What do you get when you combine the richest prize fight in the history of United States boxing with the United States’ most lucrative annual horse race? For Las Vegas sportsbooks, the answer is a betting event second only to the Super Bowl in terms of volume and possibly larger in terms of overall generated revenue.

Bets have been rolling in for weeks ahead of Floyd Mayweather’s once-in-a-generation bout against longtime rival Manny Pacquiao, with countless more expected before they meet in the ring at the MGM Grand Garden Arena Saturday night. The Kentucky Derby, already considered horse-racing’s biggest annual gambling draw, should benefit from the droves of seasoned wagers who will flood booked-out Vegas casinos to bet the fight. It’s a perfect storm, one several times larger than the average sports Saturday and with the power to make or break a sportsbook’s annual earnings.

“I’m expecting probably one of the top five days in Las Vegas history as far as sports gambling goes,” said Tony Miller, director of the race and sports book at the Golden Nugget casino in Las Vegas, Nevada.

The Super Bowl and the Kentucky Derby are traditionally considered the largest sports betting days of the year, each drawing tens of millions of dollars in wagers. The Super Bowl alone generated a record $119 million in betting in 2014, according to Forbes. But the addition of the Mayweather-Pacquiao fight provides a new wrinkle to this year's Kentucky Derby wagering and should place May 2 among the Super Bowl-dominated list of Vegas’ top betting events. By any estimation, it is the most lucrative fight in boxing history.

Pre-fight projections placed expected revenue at an unprecedented $400 million, ESPN reported. The fight’s live gate will reportedly be more than three-and-a-half times larger than boxing’s previous record, and secondary market tickets have reached obscene heights. In late February, when the fight was first announced, experts estimated the statewide sportsbook take at anywhere from $30 million to significantly higher. As of now, “significantly higher” seems to be the safe bet.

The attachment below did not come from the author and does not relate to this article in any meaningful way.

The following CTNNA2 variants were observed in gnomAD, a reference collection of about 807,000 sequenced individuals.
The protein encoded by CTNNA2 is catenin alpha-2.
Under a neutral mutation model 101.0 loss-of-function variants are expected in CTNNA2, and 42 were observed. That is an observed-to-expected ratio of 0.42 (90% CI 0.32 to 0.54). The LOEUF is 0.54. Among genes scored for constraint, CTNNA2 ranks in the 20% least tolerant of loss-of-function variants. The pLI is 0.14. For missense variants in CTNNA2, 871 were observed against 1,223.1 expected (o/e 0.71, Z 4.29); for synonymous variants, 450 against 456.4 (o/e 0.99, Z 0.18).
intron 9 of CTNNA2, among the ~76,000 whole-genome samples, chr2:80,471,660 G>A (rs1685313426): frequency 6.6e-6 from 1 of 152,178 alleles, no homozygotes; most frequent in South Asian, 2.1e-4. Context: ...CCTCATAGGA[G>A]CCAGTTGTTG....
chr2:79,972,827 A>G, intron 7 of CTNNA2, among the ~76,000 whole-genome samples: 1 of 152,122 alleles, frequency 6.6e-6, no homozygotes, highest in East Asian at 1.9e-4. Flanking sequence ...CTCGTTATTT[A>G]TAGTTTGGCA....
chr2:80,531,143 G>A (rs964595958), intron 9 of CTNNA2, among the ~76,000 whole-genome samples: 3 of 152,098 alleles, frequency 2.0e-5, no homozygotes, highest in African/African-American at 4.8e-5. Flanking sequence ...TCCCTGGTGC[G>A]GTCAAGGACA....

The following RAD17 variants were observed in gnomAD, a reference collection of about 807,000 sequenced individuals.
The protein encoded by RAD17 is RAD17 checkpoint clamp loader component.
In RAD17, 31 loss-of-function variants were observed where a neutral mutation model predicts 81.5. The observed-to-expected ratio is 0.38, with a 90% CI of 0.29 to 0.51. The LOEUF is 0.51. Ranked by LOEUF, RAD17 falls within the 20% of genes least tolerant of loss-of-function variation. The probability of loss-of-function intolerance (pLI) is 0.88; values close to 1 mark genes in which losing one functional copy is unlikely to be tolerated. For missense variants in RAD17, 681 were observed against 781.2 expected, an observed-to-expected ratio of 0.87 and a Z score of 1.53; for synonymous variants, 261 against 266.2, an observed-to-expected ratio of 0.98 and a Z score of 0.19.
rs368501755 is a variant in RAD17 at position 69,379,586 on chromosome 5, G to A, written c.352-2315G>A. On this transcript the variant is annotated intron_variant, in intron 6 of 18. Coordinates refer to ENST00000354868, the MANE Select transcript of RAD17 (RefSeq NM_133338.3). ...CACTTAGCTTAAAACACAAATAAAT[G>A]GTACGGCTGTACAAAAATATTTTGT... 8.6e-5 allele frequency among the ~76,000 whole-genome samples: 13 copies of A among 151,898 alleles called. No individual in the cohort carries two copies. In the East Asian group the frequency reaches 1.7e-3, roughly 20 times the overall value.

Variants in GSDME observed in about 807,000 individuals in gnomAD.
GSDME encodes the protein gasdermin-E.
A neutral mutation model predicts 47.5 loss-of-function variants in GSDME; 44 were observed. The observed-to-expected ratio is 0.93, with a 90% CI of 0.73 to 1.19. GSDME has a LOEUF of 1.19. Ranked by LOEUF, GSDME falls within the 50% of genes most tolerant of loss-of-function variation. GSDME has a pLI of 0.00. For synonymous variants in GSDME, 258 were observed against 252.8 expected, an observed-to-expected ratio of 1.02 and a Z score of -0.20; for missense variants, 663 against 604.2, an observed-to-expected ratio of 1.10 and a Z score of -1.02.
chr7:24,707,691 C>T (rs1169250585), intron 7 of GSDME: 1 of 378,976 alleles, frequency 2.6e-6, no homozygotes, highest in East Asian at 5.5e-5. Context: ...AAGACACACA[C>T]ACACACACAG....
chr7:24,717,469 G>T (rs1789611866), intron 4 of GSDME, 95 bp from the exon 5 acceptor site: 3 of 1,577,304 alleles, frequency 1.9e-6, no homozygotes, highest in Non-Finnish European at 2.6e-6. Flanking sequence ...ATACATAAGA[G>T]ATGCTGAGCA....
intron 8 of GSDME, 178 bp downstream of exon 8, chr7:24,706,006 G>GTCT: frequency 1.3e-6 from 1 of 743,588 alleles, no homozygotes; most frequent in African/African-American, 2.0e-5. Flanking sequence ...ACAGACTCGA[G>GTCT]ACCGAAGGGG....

“It’s going to be an unprecedented weekend for gambling, and not only sports gambling,” said Alan Silver, a noted casino industry expert and assistant professor at Ohio University. “I think the table games and everything are going to have huge drops.

Hotel rooms throughout Las Vegas have been booked for weeks, with prices in the hundreds of dollars for a single night. While just about 15,000 individuals will receive the privilege of watching the fight in person, tens of thousands more paid $150 to watch the fight via closed-circuit feed at MGM-owned properties throughout Las Vegas, the Guardian reported. Untold others traveled to Las Vegas simply to be in the vicinity – and to place bets on the day’s events.

Mayweather, who owns an undefeated 47-0 record as a professional, is the odds-on favorite to win the superfight. Vegas-based sportsbook Bovada currently lists Mayweather at minus-210, meaning gamblers would have to bet $210 to win $100. Pacquiao, meanwhile, is listed at plus-170, meaning gamblers can bet $100 to win $170.

Gamblers can also place wagers on proposition, or “prop bets,” such as whether or not the fight will end in the knockout or the specific round in which the fight will end. These bets account for a full third of the total money wagered on the fight, said Kevin Bradley, Bovada’s sportsbook manager.

The “smart money” is being placed on Mayweather, as seasoned sports bettors look to cash in on the expected outcome. But most of the bets at both the Bovada and Golden Nugget’s sportsbooks have been placed on Pacquiao, with whom the payout is larger. At this point, sportsbooks are hoping for more Mayweather money and dreading the possibility of a Pacquiao upset, particularly if it fulfills prop bets that call for a knockout.

“If Pacquiao wins in an early round by knockout, it’s a complete disaster and we’re not making that money back,” Bradley said. “There’s not going to be another fight like this.”

But it’s hard not to get excited about May 2’s slate of action, regardless of where the money will ultimately go. Sports days of this magnitude come along once every few decades.

“I just think the combination of the two [events] is going to make this one of the biggest Saturdays we’ve seen in Vegas in probably 20 or 30 years,” Miller said.